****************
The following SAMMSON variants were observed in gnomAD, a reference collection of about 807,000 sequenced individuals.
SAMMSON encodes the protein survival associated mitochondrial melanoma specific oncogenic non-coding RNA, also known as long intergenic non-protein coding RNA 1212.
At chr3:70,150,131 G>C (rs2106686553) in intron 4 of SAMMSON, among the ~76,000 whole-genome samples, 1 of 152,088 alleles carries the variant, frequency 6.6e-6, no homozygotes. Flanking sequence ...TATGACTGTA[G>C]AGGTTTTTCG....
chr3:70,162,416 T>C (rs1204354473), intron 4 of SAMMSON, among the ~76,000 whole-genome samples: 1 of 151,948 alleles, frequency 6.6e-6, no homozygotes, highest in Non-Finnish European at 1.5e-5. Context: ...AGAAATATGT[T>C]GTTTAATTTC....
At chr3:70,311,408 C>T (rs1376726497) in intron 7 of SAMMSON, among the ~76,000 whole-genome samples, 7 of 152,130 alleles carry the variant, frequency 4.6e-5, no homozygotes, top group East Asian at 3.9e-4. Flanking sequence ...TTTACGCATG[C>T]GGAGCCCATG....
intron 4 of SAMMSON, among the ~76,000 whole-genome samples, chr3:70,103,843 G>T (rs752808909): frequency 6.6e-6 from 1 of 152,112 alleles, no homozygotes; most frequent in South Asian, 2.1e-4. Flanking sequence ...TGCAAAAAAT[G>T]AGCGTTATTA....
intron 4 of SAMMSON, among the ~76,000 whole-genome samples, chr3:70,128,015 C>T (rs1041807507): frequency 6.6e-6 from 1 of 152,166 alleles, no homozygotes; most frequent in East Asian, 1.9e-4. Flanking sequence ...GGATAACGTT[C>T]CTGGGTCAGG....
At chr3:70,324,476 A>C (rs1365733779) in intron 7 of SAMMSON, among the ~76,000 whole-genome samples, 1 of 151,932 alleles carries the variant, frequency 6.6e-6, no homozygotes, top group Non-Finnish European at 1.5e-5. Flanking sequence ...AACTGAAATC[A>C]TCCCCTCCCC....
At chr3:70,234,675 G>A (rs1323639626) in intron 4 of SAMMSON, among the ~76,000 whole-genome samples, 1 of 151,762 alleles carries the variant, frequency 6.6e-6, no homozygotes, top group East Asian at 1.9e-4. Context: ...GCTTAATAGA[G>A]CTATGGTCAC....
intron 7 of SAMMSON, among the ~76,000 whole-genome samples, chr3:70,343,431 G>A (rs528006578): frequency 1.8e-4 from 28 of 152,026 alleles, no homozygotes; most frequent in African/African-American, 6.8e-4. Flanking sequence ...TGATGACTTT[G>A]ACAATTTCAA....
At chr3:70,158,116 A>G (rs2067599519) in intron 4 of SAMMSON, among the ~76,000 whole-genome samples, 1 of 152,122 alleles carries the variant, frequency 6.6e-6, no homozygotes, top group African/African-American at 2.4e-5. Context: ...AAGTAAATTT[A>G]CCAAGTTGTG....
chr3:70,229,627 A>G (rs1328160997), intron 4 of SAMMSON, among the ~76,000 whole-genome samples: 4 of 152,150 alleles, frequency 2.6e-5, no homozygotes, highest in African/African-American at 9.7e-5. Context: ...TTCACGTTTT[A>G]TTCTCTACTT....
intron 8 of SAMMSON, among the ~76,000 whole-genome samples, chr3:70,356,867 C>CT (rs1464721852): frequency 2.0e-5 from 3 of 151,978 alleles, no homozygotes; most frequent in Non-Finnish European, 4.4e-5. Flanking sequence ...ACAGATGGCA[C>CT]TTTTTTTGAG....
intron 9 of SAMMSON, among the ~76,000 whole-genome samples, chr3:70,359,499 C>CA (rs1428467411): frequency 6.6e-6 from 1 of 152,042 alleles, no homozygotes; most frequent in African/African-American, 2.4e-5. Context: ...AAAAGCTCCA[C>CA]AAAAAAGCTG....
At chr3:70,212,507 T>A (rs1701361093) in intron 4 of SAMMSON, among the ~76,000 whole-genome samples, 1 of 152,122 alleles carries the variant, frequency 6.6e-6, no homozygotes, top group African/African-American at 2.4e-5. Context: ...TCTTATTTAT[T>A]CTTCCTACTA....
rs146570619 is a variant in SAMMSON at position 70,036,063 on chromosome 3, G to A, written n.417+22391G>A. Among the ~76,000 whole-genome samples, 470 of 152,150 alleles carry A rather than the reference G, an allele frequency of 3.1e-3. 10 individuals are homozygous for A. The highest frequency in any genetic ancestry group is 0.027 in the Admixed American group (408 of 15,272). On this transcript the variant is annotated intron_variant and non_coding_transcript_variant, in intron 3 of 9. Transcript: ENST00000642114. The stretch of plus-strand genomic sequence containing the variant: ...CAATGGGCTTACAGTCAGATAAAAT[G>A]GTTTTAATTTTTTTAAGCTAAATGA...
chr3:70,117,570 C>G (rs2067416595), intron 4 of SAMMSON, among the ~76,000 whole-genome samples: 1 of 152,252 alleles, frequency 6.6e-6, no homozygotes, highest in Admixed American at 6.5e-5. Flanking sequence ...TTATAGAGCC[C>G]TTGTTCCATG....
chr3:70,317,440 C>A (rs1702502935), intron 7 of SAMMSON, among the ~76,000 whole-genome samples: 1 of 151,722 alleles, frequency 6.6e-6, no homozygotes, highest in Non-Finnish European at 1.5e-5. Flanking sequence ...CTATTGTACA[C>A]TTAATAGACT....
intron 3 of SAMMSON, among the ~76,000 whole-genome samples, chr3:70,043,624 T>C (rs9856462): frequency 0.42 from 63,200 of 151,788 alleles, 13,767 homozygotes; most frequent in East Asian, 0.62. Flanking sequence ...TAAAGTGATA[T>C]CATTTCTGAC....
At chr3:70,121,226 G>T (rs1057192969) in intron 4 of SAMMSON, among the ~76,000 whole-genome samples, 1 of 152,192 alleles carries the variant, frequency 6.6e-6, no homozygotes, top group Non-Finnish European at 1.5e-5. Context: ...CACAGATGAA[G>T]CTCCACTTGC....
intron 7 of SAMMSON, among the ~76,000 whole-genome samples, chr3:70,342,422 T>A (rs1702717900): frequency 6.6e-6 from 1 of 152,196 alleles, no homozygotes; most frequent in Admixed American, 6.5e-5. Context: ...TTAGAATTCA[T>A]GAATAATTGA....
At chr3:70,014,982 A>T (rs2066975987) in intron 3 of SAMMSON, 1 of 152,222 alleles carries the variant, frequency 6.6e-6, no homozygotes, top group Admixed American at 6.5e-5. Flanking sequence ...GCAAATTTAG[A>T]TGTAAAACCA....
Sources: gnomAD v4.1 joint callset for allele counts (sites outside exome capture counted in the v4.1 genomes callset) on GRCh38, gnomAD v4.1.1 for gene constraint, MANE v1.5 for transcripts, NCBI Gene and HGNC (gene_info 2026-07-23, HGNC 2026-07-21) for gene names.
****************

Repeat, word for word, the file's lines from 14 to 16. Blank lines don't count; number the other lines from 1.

intron 9 of SAMMSON, among the ~76,000 whole-genome samples, chr3:70,359,499 C>CA (rs1428467411): frequency 6.6e-6 from 1 of 152,042 alleles, no homozygotes; most frequent in African/African-American, 2.4e-5. Context: ...AAAAGCTCCA[C>CA]AAAAAAGCTG....
At chr3:70,212,507 T>A (rs1701361093) in intron 4 of SAMMSON, among the ~76,000 whole-genome samples, 1 of 152,122 alleles carries the variant, frequency 6.6e-6, no homozygotes, top group African/African-American at 2.4e-5. Context: ...TCTTATTTAT[T>A]CTTCCTACTA....
rs146570619 is a variant in SAMMSON at position 70,036,063 on chromosome 3, G to A, written n.417+22391G>A. Among the ~76,000 whole-genome samples, 470 of 152,150 alleles carry A rather than the reference G, an allele frequency of 3.1e-3. 10 individuals are homozygous for A. The highest frequency in any genetic ancestry group is 0.027 in the Admixed American group (408 of 15,272). On this transcript the variant is annotated intron_variant and non_coding_transcript_variant, in intron 3 of 9. Transcript: ENST00000642114. The stretch of plus-strand genomic sequence containing the variant: ...CAATGGGCTTACAGTCAGATAAAAT[G>A]GTTTTAATTTTTTTAAGCTAAATGA...